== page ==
38. Before making a speech in 1912, Teddy Roosevelt was shot in the chest from 5 feet away. Instead of going to the hospital, he proceeded to make a 90-minute speech with the bullet still in him. His steel eyeglass case and folded-up 50-page speech stopped the bullet from hitting any vital organs.

39. During the Salem witch trials, the accused witches weren’t actually burned at the stake. The majority were jailed, and some were hanged. But none of the 2,000 people accused ever got burned alive.

40. When people in the UK talk about eating “baked beans on toast”, they are not referring to the US-style baked beans that consist of a brown sugar base. They have a completely different style of baked beans with a tomato base.

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41 Mars


The length of a day on Mars has been known (within 3 minutes accuracy) since 1666 but the length of a day on Saturn was a mystery until 2019.

42. There is a material called FOGBANK that’s used by the US Department of Energy that’s so top secret and compartmentalized, that the government once actually “forgot” how to make it due to a lack of actual records and dwindling institutional knowledge. Its composition and its use in the weapon is also classified.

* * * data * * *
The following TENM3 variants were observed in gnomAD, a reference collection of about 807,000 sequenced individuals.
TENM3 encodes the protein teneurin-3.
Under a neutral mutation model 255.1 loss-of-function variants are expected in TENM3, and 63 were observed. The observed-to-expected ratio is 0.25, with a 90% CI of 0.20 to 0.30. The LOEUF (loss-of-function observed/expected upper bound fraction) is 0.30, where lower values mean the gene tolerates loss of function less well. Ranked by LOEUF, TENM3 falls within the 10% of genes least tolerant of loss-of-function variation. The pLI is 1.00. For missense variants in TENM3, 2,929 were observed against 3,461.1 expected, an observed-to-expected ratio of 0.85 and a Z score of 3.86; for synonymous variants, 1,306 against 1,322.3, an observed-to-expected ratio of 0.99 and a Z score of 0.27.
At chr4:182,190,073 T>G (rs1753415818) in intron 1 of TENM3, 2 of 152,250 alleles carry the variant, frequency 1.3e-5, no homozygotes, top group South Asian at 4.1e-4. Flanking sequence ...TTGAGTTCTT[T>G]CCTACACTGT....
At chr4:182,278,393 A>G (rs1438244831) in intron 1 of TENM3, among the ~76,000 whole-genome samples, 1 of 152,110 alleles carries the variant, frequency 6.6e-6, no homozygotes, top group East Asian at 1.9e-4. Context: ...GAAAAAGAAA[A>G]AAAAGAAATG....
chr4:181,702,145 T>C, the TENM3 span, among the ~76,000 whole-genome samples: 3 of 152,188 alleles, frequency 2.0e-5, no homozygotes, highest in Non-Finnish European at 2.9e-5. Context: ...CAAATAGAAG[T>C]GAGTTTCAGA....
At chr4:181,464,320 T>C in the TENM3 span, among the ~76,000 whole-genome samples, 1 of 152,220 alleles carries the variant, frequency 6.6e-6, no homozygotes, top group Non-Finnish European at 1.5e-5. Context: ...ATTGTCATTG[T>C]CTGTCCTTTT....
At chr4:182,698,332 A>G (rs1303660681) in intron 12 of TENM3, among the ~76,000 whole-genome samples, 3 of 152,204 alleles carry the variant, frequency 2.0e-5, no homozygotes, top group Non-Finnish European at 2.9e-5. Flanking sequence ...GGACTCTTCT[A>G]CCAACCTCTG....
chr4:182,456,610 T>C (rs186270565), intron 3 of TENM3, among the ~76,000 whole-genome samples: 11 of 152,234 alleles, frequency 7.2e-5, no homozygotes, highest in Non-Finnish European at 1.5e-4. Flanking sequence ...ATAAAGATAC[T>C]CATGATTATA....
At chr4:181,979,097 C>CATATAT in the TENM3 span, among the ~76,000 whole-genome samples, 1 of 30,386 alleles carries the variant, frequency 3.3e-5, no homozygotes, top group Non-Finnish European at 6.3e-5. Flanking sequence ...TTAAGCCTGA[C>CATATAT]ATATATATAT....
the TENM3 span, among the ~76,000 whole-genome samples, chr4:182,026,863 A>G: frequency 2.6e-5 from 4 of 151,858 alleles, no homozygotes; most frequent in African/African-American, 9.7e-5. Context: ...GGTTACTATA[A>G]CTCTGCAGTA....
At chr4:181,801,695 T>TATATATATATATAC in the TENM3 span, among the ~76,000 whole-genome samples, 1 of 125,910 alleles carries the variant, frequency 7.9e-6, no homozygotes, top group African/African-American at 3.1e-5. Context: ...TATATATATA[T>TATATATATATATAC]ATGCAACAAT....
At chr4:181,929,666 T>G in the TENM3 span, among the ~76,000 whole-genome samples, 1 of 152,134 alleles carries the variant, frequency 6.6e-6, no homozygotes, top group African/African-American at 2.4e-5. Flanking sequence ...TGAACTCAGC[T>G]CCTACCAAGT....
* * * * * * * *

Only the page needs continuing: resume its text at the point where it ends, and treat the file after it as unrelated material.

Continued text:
43. The “London Necropolis Railway” was a railway line which opened in 1854 just to carry corpses (and mourners) to a cemetery (at the time the largest in the world) 37km away from the city. There were even two stations in the cemetery, one for the Anglicans and one for non-Anglicans.

44. Tatsuo Horiuchi is a Japanese retiree who uses Microsoft Excel as a painting platform because he didn’t want to spend money on paints.

45. The USSR killed more than 180,000 whales between the 1950s and 1991 despite bans and fading commercial demand. The reason was that the quota for whales were never updated to match the need for them.

15 Most Controversial & Costly Blunders in History

46 Coffee


Coffee doesn’t actually dehydrate you. A 2003 study found that the diuretic effect of caffeine is negligible in people who regularly consume caffeinated drinks.

47. In the Middle Ages, there was a belief animals understood the concept of morality and possessed rationality. They were summoned to court, put on trial for a variety of offenses, and given the same punishments as humans. Lawyers defended pigs, rats, and sheep. Even flies and slugs faced judgment.

48. Sea snakes can die of thirst and rely on rainwater that sometimes pool on the ocean surface in order to survive.

49. The Jose Marti Park in Tampa is owned by Cuba and for 60 years it was the only piece of Cuban-owned land in the United States.

50. The Juno spacecraft orbiting Jupiter right now is carrying three LEGO minifigures made out of aluminum. The first is Galileo Galilea, who first studied Jupiter. The Second is the Roman god Jupiter. The third is the Roman Goddess Juno.